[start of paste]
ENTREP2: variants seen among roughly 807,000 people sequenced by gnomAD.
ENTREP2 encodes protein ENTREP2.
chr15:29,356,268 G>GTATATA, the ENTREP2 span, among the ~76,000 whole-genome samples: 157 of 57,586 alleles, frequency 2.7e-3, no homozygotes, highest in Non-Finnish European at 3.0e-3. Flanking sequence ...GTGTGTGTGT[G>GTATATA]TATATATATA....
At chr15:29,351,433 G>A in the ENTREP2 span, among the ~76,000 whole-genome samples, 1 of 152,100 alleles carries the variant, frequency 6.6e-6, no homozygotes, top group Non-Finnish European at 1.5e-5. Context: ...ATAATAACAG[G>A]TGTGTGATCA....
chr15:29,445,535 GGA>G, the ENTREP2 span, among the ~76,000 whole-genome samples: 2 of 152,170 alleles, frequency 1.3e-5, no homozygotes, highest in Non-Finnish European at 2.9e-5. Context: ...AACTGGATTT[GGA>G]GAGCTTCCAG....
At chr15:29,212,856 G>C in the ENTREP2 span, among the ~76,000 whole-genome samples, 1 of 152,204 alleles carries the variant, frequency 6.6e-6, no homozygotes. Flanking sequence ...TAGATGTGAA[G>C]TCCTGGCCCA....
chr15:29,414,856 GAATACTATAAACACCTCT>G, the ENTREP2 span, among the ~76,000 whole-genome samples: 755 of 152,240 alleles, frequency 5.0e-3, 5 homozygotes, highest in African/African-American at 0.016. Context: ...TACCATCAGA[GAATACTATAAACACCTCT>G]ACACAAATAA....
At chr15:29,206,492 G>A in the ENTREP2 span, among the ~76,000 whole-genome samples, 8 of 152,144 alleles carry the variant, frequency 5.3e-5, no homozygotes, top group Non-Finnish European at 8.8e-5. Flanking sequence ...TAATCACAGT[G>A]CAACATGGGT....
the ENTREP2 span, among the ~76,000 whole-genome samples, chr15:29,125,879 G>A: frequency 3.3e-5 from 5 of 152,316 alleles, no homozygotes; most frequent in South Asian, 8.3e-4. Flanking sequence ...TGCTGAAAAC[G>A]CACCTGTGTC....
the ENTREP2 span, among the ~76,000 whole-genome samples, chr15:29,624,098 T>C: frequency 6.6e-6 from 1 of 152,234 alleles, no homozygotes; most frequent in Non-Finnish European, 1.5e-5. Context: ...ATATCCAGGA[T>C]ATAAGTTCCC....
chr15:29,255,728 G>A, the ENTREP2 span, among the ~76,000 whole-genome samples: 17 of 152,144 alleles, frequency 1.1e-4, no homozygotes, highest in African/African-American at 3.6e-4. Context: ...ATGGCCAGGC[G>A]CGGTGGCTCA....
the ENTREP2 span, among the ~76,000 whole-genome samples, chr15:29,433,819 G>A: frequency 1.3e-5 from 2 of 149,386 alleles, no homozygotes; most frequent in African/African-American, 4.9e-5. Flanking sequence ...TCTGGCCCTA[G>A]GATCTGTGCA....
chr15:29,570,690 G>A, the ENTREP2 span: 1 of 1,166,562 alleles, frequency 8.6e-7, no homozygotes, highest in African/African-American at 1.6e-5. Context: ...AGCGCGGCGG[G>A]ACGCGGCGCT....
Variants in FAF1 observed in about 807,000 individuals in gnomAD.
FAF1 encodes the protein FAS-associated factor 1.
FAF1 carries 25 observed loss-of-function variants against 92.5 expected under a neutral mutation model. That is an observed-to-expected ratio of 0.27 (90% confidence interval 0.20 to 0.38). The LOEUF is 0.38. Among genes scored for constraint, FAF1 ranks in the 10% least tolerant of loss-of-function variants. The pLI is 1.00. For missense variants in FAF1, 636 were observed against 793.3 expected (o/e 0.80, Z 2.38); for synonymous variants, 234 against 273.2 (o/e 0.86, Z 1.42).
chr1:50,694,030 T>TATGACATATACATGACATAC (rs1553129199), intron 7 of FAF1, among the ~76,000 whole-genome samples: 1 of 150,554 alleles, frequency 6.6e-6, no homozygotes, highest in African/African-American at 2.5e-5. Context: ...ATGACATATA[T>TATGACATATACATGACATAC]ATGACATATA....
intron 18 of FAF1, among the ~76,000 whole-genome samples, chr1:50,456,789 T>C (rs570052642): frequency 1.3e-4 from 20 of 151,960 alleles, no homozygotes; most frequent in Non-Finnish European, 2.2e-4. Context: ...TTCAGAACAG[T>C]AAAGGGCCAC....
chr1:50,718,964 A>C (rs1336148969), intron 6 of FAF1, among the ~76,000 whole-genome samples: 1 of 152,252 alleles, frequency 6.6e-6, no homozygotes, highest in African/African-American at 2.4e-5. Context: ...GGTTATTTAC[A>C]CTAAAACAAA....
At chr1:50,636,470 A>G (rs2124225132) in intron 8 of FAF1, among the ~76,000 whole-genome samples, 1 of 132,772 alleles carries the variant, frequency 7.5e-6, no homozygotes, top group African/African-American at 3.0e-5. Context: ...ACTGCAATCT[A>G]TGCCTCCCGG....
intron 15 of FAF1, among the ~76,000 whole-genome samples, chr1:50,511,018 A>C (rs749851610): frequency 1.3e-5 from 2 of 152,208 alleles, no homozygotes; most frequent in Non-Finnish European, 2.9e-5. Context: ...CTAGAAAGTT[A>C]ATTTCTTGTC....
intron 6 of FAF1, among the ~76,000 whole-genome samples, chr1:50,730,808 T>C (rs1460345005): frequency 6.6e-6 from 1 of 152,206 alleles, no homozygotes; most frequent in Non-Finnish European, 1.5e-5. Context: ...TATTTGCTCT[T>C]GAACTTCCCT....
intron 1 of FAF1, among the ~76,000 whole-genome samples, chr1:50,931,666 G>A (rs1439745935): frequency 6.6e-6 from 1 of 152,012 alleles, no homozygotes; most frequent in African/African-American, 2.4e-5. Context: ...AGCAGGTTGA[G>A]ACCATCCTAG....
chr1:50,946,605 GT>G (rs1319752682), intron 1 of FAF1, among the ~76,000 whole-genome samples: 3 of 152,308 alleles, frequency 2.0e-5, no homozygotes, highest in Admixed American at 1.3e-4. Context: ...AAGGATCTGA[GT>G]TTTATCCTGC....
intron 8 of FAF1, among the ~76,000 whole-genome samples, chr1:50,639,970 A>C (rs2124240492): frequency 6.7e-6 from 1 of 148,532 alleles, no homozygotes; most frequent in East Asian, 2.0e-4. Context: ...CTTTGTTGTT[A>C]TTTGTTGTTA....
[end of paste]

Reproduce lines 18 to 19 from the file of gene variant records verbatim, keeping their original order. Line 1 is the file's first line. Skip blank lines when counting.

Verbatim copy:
intron 18 of FAF1, among the ~76,000 whole-genome samples, chr1:50,456,789 T>C (rs570052642): frequency 1.3e-4 from 20 of 151,960 alleles, no homozygotes; most frequent in Non-Finnish European, 2.2e-4. Context: ...TTCAGAACAG[T>C]AAAGGGCCAC....
chr1:50,718,964 A>C (rs1336148969), intron 6 of FAF1, among the ~76,000 whole-genome samples: 1 of 152,252 alleles, frequency 6.6e-6, no homozygotes, highest in African/African-American at 2.4e-5. Context: ...GGTTATTTAC[A>C]CTAAAACAAA....